How To Write A Checkmark Symbol Formula in Excel
Incorporating Checkmark Symbols Into Your Spreadsheets
Symbols are great to incorporate into your Excel spreadsheets as they often can add fantastic visuals that help explain your data. One of the most popular symbols to use on spreadsheets is the checkmark symbol. There are quite a few ways to introduce checkmark symbols into your spreadsheet, but in this article, we’ll cover how to utilize Excel formulas to make your checkmark symbols appear and disappear based on values in your spreadsheet data.
For our article example, we’ll stick with a monthly task list that allows the user to check-off items as they are completed. The final result will look something like this:
Types of Checkmark & X Symbols You Can Insert
Using Unicode References
Symbols are most often referenced in spreadsheets using Unicode (a numerical code that represents a character of text). There are a handful of checkmark and X symbols that are available. The Symbol and their Unicode are shown in the below table:
The Excel function UNICHAR() can be used to plug any Unicode in and output the corresponding symbol. We will be relying on this function heavily to control which symbols are displayed in our Excel spreadsheet.
The Unicodes I personally prefer to use in my spreadsheets are:
- =UNICHAR(10004) for Checkmark symbols
- =UNICHAR(10006) for X symbols
Using Insert Symbol Dialog Box
If you prefer not to utilize an Excel function to retrieve your checkmark symbol, you can alternatively grab the symbol character in its text format.
You can do this by navigating to Excel’s Insert tab and clicking the Symbol button on the very far right of the ribbon menu.
The Symbols dialog box will open and allow you to browse through thousands of characters. I recommend changing the font dropdown to Segoe UI Symbol as this font has a great variety of symbols. Most of the checkmark symbols are going to reside within the Dingbats subset.
After you have selected the icon you want, click the Insert button and it will drop that icon into the cell that you currently have selected and you can close out of the Symbol dialog box.
If you would like to learn more about inserting symbols or utilizing icon fonts in Excel, you should check out some other articles I’ve written on the topic:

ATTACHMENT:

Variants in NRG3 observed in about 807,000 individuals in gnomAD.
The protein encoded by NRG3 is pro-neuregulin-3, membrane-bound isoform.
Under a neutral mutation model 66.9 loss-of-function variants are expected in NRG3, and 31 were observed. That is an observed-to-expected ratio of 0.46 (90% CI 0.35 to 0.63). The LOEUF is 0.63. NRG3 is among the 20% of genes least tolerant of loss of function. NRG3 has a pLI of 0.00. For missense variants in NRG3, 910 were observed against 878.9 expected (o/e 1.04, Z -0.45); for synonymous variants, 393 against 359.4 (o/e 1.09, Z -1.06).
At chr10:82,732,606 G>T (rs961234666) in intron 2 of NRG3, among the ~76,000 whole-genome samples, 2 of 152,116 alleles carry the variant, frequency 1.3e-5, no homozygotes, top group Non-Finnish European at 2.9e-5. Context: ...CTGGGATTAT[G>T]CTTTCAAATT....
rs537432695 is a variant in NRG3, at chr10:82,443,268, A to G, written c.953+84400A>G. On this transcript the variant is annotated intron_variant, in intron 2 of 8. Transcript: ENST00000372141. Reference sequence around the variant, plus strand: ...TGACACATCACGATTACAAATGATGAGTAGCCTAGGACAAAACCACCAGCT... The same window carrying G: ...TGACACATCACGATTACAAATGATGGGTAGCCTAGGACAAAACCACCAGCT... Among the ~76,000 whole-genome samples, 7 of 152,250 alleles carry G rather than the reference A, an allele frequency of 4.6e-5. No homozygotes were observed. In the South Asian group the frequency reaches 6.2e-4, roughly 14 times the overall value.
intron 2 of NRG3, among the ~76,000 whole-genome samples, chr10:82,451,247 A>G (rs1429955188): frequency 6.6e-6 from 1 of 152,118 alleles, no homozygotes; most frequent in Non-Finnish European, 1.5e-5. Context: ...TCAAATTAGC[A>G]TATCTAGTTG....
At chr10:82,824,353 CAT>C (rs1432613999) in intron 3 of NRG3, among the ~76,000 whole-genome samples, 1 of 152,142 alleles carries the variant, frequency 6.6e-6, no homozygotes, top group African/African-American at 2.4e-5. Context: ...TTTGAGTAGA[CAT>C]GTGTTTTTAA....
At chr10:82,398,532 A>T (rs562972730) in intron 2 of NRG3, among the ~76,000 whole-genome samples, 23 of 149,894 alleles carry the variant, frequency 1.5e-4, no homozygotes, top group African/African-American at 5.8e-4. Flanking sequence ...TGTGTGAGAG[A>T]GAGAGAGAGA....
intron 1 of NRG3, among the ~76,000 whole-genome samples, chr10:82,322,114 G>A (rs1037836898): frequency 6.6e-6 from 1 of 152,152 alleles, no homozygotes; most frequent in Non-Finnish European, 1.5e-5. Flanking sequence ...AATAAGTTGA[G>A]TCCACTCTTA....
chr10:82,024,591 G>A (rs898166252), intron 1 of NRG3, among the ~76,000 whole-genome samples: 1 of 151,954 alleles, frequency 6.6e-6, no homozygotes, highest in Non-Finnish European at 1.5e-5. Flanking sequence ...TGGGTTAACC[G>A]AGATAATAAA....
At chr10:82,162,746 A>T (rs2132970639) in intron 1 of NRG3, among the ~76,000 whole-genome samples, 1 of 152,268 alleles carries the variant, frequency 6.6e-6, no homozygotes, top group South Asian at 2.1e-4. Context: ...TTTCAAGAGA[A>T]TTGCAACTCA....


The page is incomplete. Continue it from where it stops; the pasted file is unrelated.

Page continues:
- The Amazing Hidden Icon/Symbol Font Inside Excel (Not Wingdings!)
- Wingdings & Webdings Font Icon Character Map (Printable Cheat Sheet)
Write Formulas With Checkmark And X Icons
Using An IF Function
Probably, the most common way you will logically toggle symbols on and off will be using an IF() function. Sticking with our To Do list example, we will want to display a checkmark if a completion date is entered and display an “X” if a date has not been entered.
Said another way, IF the date cell is not blank, output a checkmark, ELSE, output an X.
As you can see from the above example, we can implement this logic by creating a simple IF function that toggles between our two preferred Unicode characters.
If you prefer to embed the symbol directly into the function, you can insert the symbols or copy them from a cell where they already exist and paste them directly into the Formula Bar.
Using A COUNTIFS Function
You can also tally or count your checkmark symbols using a COUNTIFS function. In my Task List example, I created a legend that (1) lets the user know what the checkmark and X icons represent and (2) reports out how many tasks have been completed and how many are outstanding.
You can either make your COUNTIFS function reference a cell with the checkmark symbol or insert the checkmark icon directly into the spreadsheet formula.
=COUNTIFS(B:B,"✔") & " Completed"
Add Color With Conditional Formatting
Quite often with checkmark/x formulas, I like to have corresponding colors of green and red. You can easily get this effect by setting up conditional formatting rules that alternate spending on the symbol present in the cell.
If the layout allows for it, I will typically set the entire column’s font color (in this case Column B:B) to Red and use a single Conditional Formatting rule to override the color with green if a checkmark icon is present.
My preferred color codes are:
- RED – RGB (224, 76, 65) or #E04C41
- GREEN – RGB(61,177,130) or #3DB182
Similar to the other Excel formulas we covered in this tutorial, you can either use the UNICHAR function or paste the icon character directly into the formula for the Conditional Formatting rule.
Download Example Excel File
If you would like to get a copy of the Excel file I used throughout this article (including the graphic below), feel free to directly download the file by clicking the download button below.
I Hope This Helped!
Hopefully, I was able to explain how you can incorporate checkmark and X symbols into your Excel formulas. If you have any questions about this technique or suggestions on how to improve it, please let me know in the comments section below.
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Chris is a finance professional and Excel MVP recognized by Microsoft since 2016. With his expertise, he founded TheSpreadsheetGuru blog to help fellow Excel users, where he shares his vast creative solutions & expertise. In addition, he has developed over 7 widely-used Excel Add-ins that have been embraced by individuals and companies worldwide.